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Interior paint palette: clouds and sea

study painted

We’re at the painting stage in more rooms! The study and the hallway have been checked off the list. Oh god finally, more of our rooms are becoming liveable.

paint palette

Here’s the interior paint palette we’ve decided on. Blues and greys. Our paint can collection has grown. The only rooms we’re not painting in this renovation whirlwind are the bathrooms, but they’ll fit in somewhere here too.

If I had a “colour story” in mind, as though I were designing a fashion line and not just pointing at paint swatches, it would be: THE SEA. From a cabin somewhere in the mountains. On a partly cloudy day.

snowy view; interior paint palette inspiration

It reminds me of the view from our apartment, a little bit. It snows maybe three times a year, and last week was one of those times. I was inside drinking coffee, thank you very much.

All that coolness will be counter-balanced by plenty of timber, textured knits and linens, and glossy green plants. I mentioned this before, but it’s a house to be lived in, not a showroom. It’d be great if that balance of colours and materials can help make it feel cool in summer and cozy in winter.

study work

Like everywhere else in the house, the walls in the study were busted. Next time they look this bad, we’re replacing the lot with plasterboard. Not that it would happen for years and years; the previous cracks did take 65 years to accumulate, after all. But screw having to do this all over again though.

study painted 2

There we go! No more purple walls, no more purple ceiling. The colour is Dulux ‘Beige Royal’, half strength. It looks beige on the chip, but turns into a warm grey on the walls. The light in this house goes blue, especially in winter, and I chose a taupey-beigey grey with a green undertone to counter that. If I’d gone with a true grey, it would have turned icy on the walls.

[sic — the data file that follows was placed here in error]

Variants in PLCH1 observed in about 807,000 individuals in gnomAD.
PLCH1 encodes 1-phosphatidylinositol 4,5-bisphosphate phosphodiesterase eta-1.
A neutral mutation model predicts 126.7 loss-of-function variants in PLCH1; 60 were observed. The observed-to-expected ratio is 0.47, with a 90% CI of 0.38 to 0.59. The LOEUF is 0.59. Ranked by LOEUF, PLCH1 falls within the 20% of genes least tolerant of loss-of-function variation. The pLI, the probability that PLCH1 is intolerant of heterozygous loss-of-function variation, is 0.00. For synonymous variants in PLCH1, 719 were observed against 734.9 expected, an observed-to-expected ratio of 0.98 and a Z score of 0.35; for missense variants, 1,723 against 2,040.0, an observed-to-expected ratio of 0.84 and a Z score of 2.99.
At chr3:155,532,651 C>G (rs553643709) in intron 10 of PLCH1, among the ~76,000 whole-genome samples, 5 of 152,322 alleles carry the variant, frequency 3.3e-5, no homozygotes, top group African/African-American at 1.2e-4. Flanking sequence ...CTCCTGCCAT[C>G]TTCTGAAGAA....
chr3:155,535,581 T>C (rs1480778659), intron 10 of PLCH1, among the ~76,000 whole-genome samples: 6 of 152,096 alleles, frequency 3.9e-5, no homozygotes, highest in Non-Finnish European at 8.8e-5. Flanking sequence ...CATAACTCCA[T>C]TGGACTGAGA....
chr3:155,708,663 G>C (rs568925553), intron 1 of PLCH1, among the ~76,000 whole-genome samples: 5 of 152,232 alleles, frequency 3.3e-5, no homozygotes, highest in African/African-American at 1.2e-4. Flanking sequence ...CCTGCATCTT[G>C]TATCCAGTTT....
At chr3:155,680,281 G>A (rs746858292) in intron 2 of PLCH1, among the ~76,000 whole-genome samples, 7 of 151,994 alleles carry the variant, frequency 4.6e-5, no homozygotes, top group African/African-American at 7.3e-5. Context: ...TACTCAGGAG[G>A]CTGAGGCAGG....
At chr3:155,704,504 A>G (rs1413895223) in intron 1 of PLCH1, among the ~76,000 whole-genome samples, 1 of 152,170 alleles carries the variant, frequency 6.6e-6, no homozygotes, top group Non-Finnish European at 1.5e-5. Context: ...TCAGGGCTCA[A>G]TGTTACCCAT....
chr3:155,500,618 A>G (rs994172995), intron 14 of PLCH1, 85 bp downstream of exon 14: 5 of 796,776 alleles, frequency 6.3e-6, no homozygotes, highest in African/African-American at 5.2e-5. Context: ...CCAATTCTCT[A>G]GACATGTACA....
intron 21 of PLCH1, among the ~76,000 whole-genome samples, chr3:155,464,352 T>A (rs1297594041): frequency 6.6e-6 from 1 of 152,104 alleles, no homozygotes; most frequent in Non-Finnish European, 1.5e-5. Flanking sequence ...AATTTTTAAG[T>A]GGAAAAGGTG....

I hate the term “greige”, but I suppose that’s what this colour is. It’s a true greige. I still prefer “warm grey.”

study fireplace after painting

As this is going to be my workspace, I wanted neutral paint on the walls. It’s eventually going to be covered in posters and prints and postcards and other junky ephemera, and a massive shot of colour on the walls behind the inevitable crazy would feel overwhelming to me. It needs to be a productive space.

I’m not wild about the dark red brick of the fireplace. It’s been poly’d in the past, as evidenced by the heavy gloss coating and the yellowed grout. Nice. I’m only hesitant to paint over it because of how difficult it would be to reverse, if it turns out to be a bust. I like knowing there’s an escape route if I mess this up.

Right now I’m considering giving it a white-wash or grey-wash to mellow out the dark red, but that may look too rustic in here. Decisions! In the end it’ll probably just get an opaque coat one shade lighter than the walls.

hallway work

Just like every other room getting its walls did, the hallway was filled with plaster dust. It tracked into every other room and made me feel like the house would be forever unclean. Never been so happy to carry around a bucket of soapy water and a sponge and watch the water turn into chocolate milk, over and over.

hallway painted